An Error in the Bible

As I was surfing the web this afternoon, I came across the following headline:

Big Mistake Discovered in the Bible

If you followed the link and read the article, you found a study on camel bones conducted by Israeli archaeologists.  Evidently, they surveyed the oldest camel bones known in the promised land and found that they dated from the 10th century BC.  They suspect that the camels they found were introduced by Egyptian copper miners.  Since the Old Testament claims that Abraham owned domesticated camels and the 10th century BC is significantly after Abraham, this study supposedly proves an error in the Bible.

Now this is an interesting story, but it is a long way from proving that Abraham had no domesticated camels.  According to the Wikipedia article on the camel, they were originally domesticated in 3000 BC in Southern Arabia and 2500 BC in Iran.  While no one is exactly sure where Abraham was born, the Bible is clear that he was not born in the promised land.  If, as some have suggested, Abraham was born close to the Persian Gulf, then he might have brought a few camels with him when he brought his family to what is now Israel.  Because he and his family were only in the promised land for a short time before migrating to Egypt, none of the bones of the small herd of camels they brought with them have been found by archaeologists.   Is this such an unlikely scenario?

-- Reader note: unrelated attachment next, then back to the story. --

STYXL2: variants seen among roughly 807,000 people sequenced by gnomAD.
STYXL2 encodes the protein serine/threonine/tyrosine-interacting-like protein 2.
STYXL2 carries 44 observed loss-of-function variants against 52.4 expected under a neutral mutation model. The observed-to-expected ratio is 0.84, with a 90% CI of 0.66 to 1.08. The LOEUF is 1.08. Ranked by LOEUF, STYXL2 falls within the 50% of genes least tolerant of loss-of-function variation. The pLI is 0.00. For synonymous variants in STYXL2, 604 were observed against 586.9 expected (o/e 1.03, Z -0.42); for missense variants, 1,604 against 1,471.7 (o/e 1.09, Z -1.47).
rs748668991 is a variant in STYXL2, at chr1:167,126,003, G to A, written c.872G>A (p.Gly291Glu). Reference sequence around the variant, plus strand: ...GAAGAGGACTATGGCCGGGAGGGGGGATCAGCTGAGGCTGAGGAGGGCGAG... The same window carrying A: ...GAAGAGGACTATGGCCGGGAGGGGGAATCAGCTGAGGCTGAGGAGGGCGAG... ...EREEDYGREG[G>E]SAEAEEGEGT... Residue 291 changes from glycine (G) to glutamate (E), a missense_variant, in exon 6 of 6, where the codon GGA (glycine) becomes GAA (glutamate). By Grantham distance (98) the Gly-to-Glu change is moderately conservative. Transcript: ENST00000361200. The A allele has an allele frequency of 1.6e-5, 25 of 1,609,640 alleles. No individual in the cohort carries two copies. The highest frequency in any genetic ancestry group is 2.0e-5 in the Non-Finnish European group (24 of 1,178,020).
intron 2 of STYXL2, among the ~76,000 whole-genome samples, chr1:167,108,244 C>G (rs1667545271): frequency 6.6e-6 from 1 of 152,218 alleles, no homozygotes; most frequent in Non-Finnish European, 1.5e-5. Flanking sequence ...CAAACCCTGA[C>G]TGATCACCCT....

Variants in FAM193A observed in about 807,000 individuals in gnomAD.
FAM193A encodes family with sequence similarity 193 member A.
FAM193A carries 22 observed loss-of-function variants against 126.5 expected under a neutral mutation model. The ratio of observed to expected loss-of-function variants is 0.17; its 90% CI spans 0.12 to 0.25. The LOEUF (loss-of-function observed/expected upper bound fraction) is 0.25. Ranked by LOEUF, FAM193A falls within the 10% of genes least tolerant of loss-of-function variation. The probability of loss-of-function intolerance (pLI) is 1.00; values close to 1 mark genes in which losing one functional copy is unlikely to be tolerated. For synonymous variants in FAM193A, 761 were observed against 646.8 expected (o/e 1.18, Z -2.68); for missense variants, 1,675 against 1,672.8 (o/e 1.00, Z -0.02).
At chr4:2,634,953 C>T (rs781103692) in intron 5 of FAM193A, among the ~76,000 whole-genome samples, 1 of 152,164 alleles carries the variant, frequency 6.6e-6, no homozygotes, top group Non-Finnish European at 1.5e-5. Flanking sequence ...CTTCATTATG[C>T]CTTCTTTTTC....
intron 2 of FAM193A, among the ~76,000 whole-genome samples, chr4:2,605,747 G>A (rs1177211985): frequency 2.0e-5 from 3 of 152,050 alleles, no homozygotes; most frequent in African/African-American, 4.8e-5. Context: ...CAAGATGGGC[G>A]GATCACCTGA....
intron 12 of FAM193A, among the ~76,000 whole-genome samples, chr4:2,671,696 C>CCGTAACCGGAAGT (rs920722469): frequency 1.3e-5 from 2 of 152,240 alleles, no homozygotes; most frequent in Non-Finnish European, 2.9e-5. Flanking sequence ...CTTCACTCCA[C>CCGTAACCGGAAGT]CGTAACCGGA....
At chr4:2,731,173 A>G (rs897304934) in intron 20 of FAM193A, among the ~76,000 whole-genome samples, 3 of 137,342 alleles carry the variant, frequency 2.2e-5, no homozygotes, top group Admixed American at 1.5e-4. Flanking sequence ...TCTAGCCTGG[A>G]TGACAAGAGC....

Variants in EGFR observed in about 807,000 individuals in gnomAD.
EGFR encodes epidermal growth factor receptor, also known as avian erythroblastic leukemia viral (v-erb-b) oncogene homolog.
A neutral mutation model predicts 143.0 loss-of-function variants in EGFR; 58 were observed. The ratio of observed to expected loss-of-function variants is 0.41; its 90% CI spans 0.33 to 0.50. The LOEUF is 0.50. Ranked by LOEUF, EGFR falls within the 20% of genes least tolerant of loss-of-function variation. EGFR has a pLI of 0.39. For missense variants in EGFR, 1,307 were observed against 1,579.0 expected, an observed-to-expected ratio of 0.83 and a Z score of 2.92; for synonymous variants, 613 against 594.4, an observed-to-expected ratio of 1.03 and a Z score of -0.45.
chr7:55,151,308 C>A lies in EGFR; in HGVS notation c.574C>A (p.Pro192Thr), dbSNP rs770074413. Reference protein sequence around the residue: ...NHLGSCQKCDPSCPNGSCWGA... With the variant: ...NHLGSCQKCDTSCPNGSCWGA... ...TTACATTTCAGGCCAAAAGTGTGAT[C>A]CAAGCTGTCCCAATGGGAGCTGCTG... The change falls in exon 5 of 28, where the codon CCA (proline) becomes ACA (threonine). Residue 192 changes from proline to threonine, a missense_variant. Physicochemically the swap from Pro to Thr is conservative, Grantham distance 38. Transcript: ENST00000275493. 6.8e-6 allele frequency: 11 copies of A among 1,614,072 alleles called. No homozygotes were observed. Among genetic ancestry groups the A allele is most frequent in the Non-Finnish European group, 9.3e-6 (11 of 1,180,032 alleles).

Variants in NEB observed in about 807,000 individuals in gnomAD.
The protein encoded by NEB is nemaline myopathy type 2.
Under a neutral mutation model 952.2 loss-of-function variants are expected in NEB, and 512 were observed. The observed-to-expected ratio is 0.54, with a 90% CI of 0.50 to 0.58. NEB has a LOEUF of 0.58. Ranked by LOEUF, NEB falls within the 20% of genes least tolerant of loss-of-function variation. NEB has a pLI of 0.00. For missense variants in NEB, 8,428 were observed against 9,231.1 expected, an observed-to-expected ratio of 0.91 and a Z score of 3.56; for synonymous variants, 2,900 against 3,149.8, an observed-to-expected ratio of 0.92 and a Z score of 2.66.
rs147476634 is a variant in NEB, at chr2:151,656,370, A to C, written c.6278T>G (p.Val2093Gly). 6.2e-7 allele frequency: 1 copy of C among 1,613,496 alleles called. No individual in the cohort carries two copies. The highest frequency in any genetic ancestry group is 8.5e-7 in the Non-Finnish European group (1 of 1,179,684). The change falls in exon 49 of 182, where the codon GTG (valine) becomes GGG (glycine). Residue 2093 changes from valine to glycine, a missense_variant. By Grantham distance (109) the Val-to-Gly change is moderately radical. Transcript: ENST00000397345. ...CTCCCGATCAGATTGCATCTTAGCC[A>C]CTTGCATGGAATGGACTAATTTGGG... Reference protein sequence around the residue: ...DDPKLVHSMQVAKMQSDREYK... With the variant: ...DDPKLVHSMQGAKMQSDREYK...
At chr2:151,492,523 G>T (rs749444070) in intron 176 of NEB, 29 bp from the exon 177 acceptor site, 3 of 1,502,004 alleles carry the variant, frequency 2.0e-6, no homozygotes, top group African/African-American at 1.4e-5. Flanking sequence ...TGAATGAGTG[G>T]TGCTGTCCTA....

But, of course, “Archaeologists Discover Egyptian Copper Miners Used Camels” is not quite as attention grabbing as, “Big Mistake Discovered in the Bible”.  I guess this is par for the course.

About Robert V

Former atheist currently living in Toronto.
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2 Responses to An Error in the Bible

  1. Pingback: Exaggerated Science | A Thoughtful Christian

  2. Pingback: Christianity and Bias | A Thoughtful Christian

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